Wimbledon 2018: Can new mother Serena Williams get back to her dominant best at The Championships?

The pre-tournament talk for Serena Williams’ return to Wimbledon has, so far, revolved around whether or not she should be seeded. While Wimbledon quashed any further debate by naming her the 25th seed, all of it might just be rendered unnecessary if the mood strikes her. Wherever she is placed in the pecking order, Williams is the woman to beat at every tournament she enters.

And 2018 Wimbledon won’t be any different. Even though she will now be representing another rare group in elite sport: mothers.

The women’s game has enjoyed a sort of happy disorder since Williams stepped away from the game due to pregnancy and motherhood. Since her Australian Open triumph in 2017, which she scripted in the first trimester of her pregnancy, five different women have won the five Grand Slam titles. Of that, four were first-time major winners.

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Wherever she is placed in the pecking order, Serena Williams is the woman to beat at every tournament she enters. Artwork by Rajan Gaikwad

Having given birth to a baby girl in September, Williams returned to the tour in March 2018 at the Indian Wells Masters. Obviously, she is still feeling her way back into the game after a difficult childbirth. The seven-time Wimbledon champion has lodged a modest 5-2 win-loss record since coming back on tour. But Williams showed that motherhood has not made her a softer competitor.

At last month’s French Open, she had coolly walked out on Court Philippe Chatrier clad in a bold, black, body-hugging catsuit. If that was not eye-catching enough, the power and precision in her game certainly were. Williams is far from her peak fitness and was moving considerably slower around the court. But she was rarely out of position or the hitting zone. Standing strong at the baseline, Williams moved her opponents around expertly, most times dictating the pace and tempo of the rally. She defeated world No 17 Ashleigh Barty and world No 11 Julia Goerges to march into the Round of 16. The American though pulled out of the high-profile fourth round against Maria Sharapova with a pectoral injury.

“I’m an incredible mental player, but I’m also a physical player,” Williams said in a recent interview with InStyle magazine. “You can’t play a sport without being physically ready. It’s difficult to come back as a professional athlete who was once ‘Serena’.”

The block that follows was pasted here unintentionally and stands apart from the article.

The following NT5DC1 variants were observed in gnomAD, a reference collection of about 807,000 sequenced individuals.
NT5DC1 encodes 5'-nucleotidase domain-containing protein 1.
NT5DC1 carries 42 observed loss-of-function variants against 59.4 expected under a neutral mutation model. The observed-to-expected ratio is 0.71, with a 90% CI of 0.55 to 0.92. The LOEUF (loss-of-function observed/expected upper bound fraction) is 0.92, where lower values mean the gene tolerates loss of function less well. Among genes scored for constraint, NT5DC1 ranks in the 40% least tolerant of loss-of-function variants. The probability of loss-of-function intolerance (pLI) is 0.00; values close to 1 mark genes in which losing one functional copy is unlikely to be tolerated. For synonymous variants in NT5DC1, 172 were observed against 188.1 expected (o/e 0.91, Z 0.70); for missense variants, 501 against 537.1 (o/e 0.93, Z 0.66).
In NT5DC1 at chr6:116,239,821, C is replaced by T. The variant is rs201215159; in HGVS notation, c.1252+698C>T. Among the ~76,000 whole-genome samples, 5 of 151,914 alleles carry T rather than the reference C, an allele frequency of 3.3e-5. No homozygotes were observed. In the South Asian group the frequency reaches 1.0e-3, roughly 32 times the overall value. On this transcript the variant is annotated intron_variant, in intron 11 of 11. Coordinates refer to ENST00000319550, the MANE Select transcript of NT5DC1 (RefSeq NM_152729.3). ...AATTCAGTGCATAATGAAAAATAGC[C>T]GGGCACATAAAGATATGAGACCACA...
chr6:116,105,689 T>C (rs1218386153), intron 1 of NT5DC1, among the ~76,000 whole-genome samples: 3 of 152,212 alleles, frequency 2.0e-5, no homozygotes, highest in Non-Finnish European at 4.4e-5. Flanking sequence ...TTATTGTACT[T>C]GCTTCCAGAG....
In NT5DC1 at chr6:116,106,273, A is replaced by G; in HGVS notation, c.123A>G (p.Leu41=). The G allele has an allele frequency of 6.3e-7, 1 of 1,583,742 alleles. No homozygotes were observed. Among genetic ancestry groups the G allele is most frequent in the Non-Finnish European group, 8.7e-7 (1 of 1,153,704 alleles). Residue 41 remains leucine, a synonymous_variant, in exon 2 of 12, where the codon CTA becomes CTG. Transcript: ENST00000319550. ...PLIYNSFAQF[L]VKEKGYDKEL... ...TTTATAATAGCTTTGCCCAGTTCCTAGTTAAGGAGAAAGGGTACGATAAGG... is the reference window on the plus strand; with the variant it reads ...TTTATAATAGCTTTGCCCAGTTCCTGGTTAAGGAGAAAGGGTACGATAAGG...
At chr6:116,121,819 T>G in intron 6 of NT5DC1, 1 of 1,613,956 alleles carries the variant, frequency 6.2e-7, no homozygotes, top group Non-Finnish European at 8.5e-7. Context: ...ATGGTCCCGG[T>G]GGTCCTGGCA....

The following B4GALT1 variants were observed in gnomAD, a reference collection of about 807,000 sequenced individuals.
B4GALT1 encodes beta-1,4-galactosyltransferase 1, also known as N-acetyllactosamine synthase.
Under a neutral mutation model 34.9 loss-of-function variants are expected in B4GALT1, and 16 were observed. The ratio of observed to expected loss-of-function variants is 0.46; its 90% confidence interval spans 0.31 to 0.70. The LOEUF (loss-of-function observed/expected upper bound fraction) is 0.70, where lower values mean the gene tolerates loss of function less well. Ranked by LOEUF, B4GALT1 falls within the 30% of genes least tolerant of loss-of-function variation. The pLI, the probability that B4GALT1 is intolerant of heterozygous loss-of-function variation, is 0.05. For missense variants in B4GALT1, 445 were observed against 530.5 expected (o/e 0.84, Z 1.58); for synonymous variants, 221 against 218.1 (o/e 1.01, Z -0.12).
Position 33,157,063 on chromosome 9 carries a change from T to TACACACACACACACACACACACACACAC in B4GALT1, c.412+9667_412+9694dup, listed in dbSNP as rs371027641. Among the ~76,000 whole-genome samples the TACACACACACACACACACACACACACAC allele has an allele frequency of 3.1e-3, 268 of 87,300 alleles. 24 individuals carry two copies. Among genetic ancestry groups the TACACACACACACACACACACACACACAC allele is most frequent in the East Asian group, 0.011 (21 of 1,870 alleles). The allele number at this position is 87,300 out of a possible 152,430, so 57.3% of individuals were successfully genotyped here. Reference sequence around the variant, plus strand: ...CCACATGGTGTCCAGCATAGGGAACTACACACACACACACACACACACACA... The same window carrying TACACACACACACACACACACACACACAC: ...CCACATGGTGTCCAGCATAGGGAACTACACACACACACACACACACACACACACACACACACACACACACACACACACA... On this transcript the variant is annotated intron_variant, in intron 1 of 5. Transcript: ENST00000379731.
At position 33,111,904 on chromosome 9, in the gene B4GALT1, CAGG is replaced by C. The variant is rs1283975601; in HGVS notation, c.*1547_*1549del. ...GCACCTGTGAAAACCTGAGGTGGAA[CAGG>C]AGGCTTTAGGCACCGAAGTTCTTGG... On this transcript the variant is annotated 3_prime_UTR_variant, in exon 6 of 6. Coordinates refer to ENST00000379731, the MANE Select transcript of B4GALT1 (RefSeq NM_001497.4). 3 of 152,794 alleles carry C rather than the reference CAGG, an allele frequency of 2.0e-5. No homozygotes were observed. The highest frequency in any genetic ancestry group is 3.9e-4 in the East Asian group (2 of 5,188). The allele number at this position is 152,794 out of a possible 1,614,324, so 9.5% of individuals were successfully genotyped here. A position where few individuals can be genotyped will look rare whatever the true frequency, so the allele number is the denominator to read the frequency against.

There is a lot of baggage that comes with it. Starting with the US Open in 1999, which she won at the age of 17, Williams has amassed a record 23 Grand Slam titles. While she left behind Steffi Graf (22 majors) as the most successful player in the Open Era, Williams is aiming to equal Margaret Court’s all-time record of 24 singles titles at Wimbledon.

“There are records out there that I want, and I’ll get there, but in due time,” she was quoted as saying in the interview. “I’m always in the fast lane. I’m always extra. I have to be willing to do the work, and I have been. Because, to be honest, I feel pressure to be Serena. But these days I keep telling myself I don’t have to be anything. This is for me.”

Williams was only little when she started following her older sister Venus Williams to the tennis courts, which in the tough neighbourhood of Compton, Florida was sometimes littered with broken glass bottles. “If you can keep playing tennis when somebody is shooting a gun down the street, that's concentration,” Serena Williams had once said. Their father Richard, though not a professional tennis player, took it upon himself to mould the Williams sisters into not just good tennis players, but two of the best in the world.

In Venus, Serena didn’t just have a great sparring partner but a role model for excellence. Venus, older to Serena by 15 months, was the first to shake things up in a majority white sport when she made the final of the US Open on her debut at the home Slam. Tall and graceful, Venus stunned the world with their unique brand of power tennis. But it was the younger sister who majored first, defeating world No 1 Martina Hingis in the US Open final. Serena Williams became the first African-American woman since Althea Gibson in 1958 to win a singles Grand Slam title.

She has won pretty much everything in the sport since. She won her first ‘Serena Slam’ – where she held all four Slams at a time, starting with the 2002 French Open — in 2003. There were times when Williams was not in the mood for tennis and dabbled in pursuits like fashion and the silver screen.

But her overwhelming game and incredible drive meant she won on the tennis court whatever she set her heart to. Williams’ success was intermittent, but the distractions early in her career meant she wasn’t mentally as burnt out. It was in 2012, however, that Williams shifted her focus from being the most dominating player of her generation to the best ever. She hired French coach Patrick Mouratoglou to guide her down the path.

A hungrier Williams, punctuating her power strokes with guttural grunts, was a sight to behold. There was no corner she could not fight herself out of. More than a decade after her first, Williams completed her second ‘Serena Slam’ with wins at the 2014 US Open and 2015 Australian Open, French Open and Wimbledon. In 2017, with her pregnancy unbeknown to the world, she blitzed to the Australian Open title, and past Graf’s record, without dropping a set.

She left the stage ranked No 1 in the world, but is currently placed at 183 in the WTA rankings. Keeping in mind the seven singles titles she won at Wimbledon, the Grand Slam, the only one which allows for some elbow room in the seeding process, decided to give her the 25th seeding.  At Wimbledon this year, it will be interesting to see whether the new mother can deliver on those old expectations.


Updated Date: Jun 28, 2018 20:04 PM

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